Tom Parson
                    Now It's Up To You Publications
                    157 S. Logan, Denver CO 80209
                    (303) 777-8951
                    http://members.aol.com/typetom
                  • Gerald Lange
                    Tom She referred me to Diringer. I assume she meant The Book Before Printing (Dover) or its earlier printing (The Hand-Produced Book). Maybe there is another
                    Message 9 of 13 , Jan 14, 2004
                      Tom

                      She referred me to Diringer. I assume she meant The Book Before Printing
                      (Dover) or its earlier printing (The Hand-Produced Book). Maybe there is
                      another Diringer as I have the earlier book and my unfamiliarity with
                      the India letterforms doesn't show me what she obviously saw. Basically
                      just a lead as she was thinking letterforms not type. So the foundry
                      (HS) and the specific design, date of issue, etc., still not found.

                      I don't recall ever seeing specimens of type from an India foundry other
                      than those that were producing Western knockoffs. Not unusual though as
                      a lot of the Eastern European, even the Spanish and Italian specimen
                      books, or even the German fraktur types, don't see a lot of travel in
                      the Anglo-American sphere.

                      I have a very nice Italian type foundry book from the mid thirties, on a
                      thickness level to the BBS of about that time. But much more
                      sophisticated. With faces and forms not at all common but quite
                      refreshing. Other than the work that Dieter Speffmann is/was doing with
                      the German materials, you don't see an awful lot of digital effort going
                      on in trying to resurrect any of this.

                      Gerald

                      typetom@... wrote:
                      > In a message dated 1/14/2004 bieler@... writes:
                      > << I made some plates for a calligrapher today and when she came in to
                      > pick them up and we had chatted a bit, I showed her the mystery type.
                      > "Oh," she says, "India type." She knew the letterforms accents and
                      > other characteristics quite well and was quite sure. Even gave me a
                      > reference. So I gave them to her!!! Mystery solved, I think. >>
                      >
                      > I'd love to know the reference, and/or any further info you come up with. The
                      > answer makes sense on many levels, though I'd still really like to see the
                      > whole design and have the name and foundry and possible date.
                      > Thanks, Tom
                      >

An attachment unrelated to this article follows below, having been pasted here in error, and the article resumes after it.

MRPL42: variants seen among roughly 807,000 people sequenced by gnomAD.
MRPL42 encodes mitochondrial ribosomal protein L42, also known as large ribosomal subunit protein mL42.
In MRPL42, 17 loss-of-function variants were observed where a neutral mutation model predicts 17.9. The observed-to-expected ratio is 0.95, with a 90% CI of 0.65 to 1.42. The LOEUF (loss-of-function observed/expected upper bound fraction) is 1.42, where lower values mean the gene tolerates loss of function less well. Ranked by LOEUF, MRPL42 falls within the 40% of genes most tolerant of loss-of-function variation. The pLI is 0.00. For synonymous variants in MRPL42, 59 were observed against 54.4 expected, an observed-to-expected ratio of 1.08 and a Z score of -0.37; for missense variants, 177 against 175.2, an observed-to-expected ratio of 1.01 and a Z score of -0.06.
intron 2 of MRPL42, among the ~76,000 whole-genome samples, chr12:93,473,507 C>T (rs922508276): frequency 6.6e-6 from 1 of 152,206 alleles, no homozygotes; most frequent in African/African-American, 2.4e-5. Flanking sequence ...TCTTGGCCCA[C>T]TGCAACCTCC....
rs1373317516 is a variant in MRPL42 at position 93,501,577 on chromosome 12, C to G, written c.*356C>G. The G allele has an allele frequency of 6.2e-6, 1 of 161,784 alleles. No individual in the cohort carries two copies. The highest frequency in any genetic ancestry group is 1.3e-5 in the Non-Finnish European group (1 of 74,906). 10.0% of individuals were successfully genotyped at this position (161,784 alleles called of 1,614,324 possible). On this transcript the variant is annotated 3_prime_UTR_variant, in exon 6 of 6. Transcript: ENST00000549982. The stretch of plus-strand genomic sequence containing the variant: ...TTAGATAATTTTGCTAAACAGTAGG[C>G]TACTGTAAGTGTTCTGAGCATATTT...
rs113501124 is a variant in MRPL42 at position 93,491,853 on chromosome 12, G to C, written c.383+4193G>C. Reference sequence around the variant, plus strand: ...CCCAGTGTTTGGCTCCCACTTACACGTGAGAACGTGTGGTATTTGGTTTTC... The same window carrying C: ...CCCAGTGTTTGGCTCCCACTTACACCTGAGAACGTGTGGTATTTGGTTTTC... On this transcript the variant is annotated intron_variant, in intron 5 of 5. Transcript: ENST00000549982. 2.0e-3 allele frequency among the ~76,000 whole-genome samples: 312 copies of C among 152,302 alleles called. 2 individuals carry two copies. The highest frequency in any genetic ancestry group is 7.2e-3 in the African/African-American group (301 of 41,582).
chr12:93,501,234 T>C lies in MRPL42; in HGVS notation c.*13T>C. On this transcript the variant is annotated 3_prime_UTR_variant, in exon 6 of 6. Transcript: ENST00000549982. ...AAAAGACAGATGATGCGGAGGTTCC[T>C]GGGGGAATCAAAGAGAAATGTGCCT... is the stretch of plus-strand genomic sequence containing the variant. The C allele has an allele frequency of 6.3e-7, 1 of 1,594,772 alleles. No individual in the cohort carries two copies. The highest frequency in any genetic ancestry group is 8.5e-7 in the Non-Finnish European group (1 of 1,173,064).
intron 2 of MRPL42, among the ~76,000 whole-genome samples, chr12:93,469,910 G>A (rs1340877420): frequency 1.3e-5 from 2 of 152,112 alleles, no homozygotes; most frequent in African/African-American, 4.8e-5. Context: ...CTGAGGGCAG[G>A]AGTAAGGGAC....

• Norman L McKnight
                      David Diringer: The Alphabet: a key to the history of mankind. 2 vols. London & New York 1948 [1st], 1949 [2nd], and 1952 [3rd reprint]and also in Italian,
                      Message 10 of 13 , Jan 15, 2004
                        David Diringer: The Alphabet: a key to the history of mankind. 2 vols.
                        London & New York 1948 [1st], 1949 [2nd], and 1952 [3rd reprint]and
                        also in Italian, Florence [1937]

                        I believe there was also a one volume version and more than one
                        edition of the first. It sells for about 250.00 if you can find one
                        in good condition with dj. I don't have one to look at, but looking
                        through the many alphabets shown in my Fry's Pantographia (1799) there
                        are several which have writing characteristics in which such a char-
                        acter would seem at home, but I don't find it there. The closest I
                        came to finding one was Tartaric #5 and #7 which was used by the
                        Manchou Tartars. op. cit. p. 290. Sorry I don't have a scanner, but
                        this is likely to remain a mystery. In looking for an exact match to
                        the characters we forget what is obvious in the variants shown in
                        some of the polyglot tomes such as the one mentioned above, that
                        there are variants of the same letter which don't exactly match each
                        other; thus I may be looking at it without realizing it. It is, as
                        they say, now out of your hands anyway. Your calligrapher friend will
                        likely take up the challenge.

                        Norman L. McKnight
                        Philoxenia Press
                        Berkeley